As mentioned previously, the fundamental skills for a scientist are: asking questions, making predictions, designing investigations, make focused observations, analysing data, supporting claims with evidence and debating the conclusions with other scientists. Debate, though last in this list, is something necessary for ensuring quality and accuracy in science. By challenging scientific discoveries and theories, through debate and argumentation, science, which is based on verifiable evidence, can progress and develop. Engaging in argumentation provides students with a better insight into the nature of scientific inquiry and the ways in which scientists work. It is a skill that also very useful in everyday life.
When teaching argumentation it is necessary to explicitly develop students’ ability to understand and practice scientifically valid ways of arguing, enabling them to recognise not only the strengths of scientific argument, but also its limitations. Argumentation needs to be practised with structured tasks where the teacher can scaffold the students’ development. Just giving students scientific or controversial socio-scientific issues to discuss will not prove sufficient to ensure the practice of valid argument (Simon et al., 2006).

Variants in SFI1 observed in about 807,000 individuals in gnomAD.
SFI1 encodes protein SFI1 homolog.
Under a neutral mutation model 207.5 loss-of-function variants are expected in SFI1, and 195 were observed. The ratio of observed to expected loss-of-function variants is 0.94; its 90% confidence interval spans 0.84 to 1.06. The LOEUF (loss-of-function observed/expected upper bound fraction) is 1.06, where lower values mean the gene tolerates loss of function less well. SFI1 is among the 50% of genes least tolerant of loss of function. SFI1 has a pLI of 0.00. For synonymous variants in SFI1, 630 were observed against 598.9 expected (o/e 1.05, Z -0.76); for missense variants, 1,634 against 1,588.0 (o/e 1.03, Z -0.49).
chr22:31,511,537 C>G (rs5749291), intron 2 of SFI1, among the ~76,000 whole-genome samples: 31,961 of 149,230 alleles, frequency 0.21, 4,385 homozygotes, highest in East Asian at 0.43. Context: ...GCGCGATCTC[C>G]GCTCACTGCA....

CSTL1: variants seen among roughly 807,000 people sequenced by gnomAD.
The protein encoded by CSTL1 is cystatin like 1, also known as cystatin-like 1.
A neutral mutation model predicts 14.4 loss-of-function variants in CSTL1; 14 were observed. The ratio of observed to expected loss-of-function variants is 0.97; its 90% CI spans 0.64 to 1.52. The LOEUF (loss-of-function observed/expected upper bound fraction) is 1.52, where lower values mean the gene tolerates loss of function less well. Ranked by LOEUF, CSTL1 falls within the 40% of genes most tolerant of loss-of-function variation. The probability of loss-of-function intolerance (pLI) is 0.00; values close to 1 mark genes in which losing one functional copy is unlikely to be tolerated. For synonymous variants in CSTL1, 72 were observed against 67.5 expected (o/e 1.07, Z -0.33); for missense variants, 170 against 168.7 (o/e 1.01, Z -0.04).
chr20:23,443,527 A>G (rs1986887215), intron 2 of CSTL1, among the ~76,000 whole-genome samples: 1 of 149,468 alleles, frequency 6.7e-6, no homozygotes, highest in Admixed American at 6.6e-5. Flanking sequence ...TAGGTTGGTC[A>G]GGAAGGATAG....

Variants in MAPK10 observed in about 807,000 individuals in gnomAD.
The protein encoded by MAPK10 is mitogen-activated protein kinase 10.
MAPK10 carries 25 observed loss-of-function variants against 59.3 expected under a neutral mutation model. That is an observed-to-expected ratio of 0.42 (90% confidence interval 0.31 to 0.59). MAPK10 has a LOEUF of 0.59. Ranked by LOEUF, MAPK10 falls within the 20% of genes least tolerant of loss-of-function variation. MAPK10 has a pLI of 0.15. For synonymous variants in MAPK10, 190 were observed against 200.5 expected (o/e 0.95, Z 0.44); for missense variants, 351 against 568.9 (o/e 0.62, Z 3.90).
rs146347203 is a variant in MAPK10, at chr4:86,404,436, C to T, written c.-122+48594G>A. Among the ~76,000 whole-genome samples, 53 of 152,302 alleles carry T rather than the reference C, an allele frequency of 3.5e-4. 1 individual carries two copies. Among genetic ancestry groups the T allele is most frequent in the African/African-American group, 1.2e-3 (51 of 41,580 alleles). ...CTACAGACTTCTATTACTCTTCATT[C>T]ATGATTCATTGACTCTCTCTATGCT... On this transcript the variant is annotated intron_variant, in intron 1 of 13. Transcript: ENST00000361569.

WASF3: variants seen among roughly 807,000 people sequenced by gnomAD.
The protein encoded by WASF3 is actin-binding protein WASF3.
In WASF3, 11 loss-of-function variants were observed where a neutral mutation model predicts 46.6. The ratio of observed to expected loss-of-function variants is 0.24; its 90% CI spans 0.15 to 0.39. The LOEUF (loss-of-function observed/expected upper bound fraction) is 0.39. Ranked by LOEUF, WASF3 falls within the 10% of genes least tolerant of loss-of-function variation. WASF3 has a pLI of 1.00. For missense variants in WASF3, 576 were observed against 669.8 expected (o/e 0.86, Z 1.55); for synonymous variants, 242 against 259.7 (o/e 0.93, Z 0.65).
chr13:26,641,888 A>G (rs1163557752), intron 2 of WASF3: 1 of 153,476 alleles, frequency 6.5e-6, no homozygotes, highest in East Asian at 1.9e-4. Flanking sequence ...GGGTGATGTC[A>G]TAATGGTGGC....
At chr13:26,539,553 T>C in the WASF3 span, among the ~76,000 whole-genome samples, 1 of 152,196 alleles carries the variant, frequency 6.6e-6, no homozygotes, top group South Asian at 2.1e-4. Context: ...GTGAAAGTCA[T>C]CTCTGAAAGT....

To see how much argumentation you use at the moment with your class, please participate in this short quiz.
What is Evidence? What is Argument?
These activities examine how familiar you are with the evidence for some common ideas that are taught in science education and also to explores the term 'argument' in science and why it is a significant feature of science.
Osborne, Erduran and Simon (2004) have developed an in-service resource pack with ideas, evidence and argument in science with different types of activities to develop skills in constructing scientific arguments using evidence and engagement in activities that stimulate discussion.
Carry out Activity 1.1 & 1.2, Session 1, of the IDEAS In-service Materials
Resources & Files:
Activity 1.1 & 1.2, Session 1 , IDEAS In-service Materials